State lawmakers began work Monday, three months after most of them were elected. Depending on how things play out during the first weeks of the 2015 Legislature, three months from now some of those lawmakers could find themselves on the ballot again — before the end of the regular session.
Conservative activists are laying the groundwork to recall new Assembly Speaker John Hambrick, R-Las Vegas, freshman Assemblyman Chris Edwards, R-Las Vegas, and other moderate Republican legislators who refuse to flatly reject the tax increases proposed by GOP Gov. Brian Sandoval. If those activists go forward with recall petitions — under state law, they must wait until 10 days after the start of the session to collect voter signatures — the Nevada Republican Party might launch its own recall campaigns against GOP lawmakers allied with the conservative rabble-rousers. The number of recall elections this spring could exceed the statewide total of the past 20 years.
Bring it on.
Divisions within the Assembly Republican caucus on taxes and spending blew up this winter when Mr. Hambrick removed hard-line fiscal conservative Michele Fiore as majority leader and chairwoman of the Assembly Taxation Committee over her federal tax problems and public criticism of party figures. Ms. Fiore and her backers believe she was steamrolled to smooth the path for the governor’s $7.3 billion budget and the more than $1 billion in tax increases needed to fund it.
Exactly where Mr. Edwards stands in this dispute isn’t clear, but efforts to sway his support for speaker led to a Las Vegas police extortion investigation.
All this spawned the formation of political action committees to support the recall drives — and much hand-wringing over the recall process. Is it really fair to allow agitators to launch recall petitions against elected officials before they begin their jobs in earnest? Should citizens be allowed to recall officials over perceived ideology? Before they even cast a vote on legislation?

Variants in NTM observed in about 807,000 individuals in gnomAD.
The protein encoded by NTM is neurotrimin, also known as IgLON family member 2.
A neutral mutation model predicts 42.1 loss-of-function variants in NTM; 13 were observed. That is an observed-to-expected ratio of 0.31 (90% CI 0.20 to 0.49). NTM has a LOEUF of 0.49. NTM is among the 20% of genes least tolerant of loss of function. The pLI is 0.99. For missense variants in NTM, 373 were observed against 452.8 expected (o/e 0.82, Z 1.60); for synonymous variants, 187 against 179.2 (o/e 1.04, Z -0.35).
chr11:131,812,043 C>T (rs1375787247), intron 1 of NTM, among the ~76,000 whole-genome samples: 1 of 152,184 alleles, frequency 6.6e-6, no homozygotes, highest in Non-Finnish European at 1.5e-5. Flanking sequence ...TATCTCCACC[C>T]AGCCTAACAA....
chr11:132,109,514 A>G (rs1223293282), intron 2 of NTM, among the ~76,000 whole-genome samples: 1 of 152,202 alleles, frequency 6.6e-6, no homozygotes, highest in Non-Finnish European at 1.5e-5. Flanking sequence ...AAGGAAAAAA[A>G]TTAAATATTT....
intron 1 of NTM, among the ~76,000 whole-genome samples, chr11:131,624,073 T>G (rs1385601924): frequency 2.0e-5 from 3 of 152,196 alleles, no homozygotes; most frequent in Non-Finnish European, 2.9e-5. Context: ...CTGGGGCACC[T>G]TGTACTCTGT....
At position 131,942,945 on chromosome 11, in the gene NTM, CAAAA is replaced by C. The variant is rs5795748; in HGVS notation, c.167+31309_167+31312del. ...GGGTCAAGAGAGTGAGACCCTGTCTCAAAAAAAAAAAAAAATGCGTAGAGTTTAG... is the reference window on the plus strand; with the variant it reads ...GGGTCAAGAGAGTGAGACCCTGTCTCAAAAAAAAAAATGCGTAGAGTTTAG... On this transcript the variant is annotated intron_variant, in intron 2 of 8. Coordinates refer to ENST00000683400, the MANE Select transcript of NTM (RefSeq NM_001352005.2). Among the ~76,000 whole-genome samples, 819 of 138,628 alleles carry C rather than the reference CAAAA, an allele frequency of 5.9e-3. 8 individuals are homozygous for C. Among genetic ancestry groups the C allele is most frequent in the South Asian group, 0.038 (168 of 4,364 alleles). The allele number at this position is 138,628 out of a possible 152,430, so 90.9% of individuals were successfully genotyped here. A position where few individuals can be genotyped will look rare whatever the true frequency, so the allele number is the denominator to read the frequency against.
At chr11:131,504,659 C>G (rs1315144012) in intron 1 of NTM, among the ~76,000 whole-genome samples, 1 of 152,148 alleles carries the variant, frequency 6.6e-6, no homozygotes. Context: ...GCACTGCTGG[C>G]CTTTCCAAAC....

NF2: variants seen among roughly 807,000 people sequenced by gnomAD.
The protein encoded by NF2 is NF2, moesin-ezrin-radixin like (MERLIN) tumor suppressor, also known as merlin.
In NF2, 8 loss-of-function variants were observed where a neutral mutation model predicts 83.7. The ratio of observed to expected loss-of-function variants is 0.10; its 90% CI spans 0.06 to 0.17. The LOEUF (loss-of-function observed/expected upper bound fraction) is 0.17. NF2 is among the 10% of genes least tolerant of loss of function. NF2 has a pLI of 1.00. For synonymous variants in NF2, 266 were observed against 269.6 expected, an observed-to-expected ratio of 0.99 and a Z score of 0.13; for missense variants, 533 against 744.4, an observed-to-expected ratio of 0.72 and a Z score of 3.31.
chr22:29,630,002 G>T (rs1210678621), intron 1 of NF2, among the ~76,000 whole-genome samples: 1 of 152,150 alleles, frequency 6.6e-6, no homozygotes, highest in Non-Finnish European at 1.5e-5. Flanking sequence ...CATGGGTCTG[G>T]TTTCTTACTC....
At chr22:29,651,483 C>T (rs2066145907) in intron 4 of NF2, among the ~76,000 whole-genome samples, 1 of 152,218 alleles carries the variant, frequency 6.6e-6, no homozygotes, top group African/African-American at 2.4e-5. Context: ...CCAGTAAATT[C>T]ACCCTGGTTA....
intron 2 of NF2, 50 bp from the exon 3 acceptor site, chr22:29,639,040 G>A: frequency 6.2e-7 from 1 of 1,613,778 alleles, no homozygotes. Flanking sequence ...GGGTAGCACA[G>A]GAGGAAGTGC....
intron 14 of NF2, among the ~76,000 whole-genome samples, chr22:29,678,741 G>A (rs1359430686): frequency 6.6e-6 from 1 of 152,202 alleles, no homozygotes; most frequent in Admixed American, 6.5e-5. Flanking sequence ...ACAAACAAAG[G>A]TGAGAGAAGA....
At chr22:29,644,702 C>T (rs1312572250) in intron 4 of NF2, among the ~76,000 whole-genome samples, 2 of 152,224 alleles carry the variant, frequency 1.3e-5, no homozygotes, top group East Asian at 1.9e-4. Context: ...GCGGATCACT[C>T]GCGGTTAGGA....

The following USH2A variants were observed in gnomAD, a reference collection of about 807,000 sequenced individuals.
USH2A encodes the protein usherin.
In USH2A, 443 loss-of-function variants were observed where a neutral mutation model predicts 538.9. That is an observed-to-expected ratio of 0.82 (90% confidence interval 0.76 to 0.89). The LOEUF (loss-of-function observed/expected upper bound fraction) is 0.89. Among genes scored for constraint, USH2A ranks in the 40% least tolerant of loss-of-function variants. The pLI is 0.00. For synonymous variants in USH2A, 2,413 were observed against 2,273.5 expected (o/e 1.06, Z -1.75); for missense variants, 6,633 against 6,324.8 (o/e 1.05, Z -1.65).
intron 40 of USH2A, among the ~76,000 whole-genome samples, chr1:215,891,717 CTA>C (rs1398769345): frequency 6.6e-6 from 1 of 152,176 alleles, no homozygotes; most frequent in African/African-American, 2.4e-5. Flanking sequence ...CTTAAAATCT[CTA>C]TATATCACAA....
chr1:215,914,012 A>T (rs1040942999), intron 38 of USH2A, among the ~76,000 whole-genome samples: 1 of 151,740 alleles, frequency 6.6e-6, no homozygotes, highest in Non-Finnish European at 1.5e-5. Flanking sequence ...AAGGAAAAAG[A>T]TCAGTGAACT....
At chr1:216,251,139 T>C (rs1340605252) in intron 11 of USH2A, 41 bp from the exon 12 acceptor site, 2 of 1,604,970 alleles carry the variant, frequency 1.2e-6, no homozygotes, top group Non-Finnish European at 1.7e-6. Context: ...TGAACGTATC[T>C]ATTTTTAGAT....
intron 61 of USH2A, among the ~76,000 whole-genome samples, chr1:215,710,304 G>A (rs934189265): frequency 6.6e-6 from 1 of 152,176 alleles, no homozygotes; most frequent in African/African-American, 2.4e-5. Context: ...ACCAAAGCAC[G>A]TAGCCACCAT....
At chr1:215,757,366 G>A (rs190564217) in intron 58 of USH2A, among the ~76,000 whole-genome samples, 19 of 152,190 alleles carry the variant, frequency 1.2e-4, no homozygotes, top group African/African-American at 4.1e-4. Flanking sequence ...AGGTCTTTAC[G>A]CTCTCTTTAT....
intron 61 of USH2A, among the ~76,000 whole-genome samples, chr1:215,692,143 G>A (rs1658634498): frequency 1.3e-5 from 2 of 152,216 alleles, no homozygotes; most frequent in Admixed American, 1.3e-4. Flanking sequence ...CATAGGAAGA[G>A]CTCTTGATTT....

The answer to all those questions is a resounding yes.
Appropriately, it is incredibly difficult to recall an elected official in Nevada. Petitioners have 90 days to collect a number of valid signatures equal to 25 percent of the number of ballots cast in the targeted district. Those signatures must come from people who actually voted in that election. And if those requirements are met, petitioners still have to make their arguments to all voters. Recalls almost always fail.
However many petitions are circulated in the coming weeks, lawmakers will be tempted to change the state’s recall standards to shelter themselves and better protect incumbents at all levels of government. That’s exactly what happened during the 2005 Legislature, following two municipal recall elections (one of which was successful). A constitutional amendment was proposed to limit recalls to cases of criminal wrongdoing or abuse of office, requiring “factual support” for each allegation. Under such a restriction, office holders couldn’t be recalled for violating a campaign promise, for being ineffective, incompetent or absent. Thankfully, the resolution died.
Democracy — and politics in general — is a contact sport. It’s not supposed to be polite, or even fair. It is not for the weak. It is a constant power struggle. So if someone wants to recall an elected official for not saying “Gesundheit,” that person can have at it. The public knows when its time is being wasted — and it votes accordingly.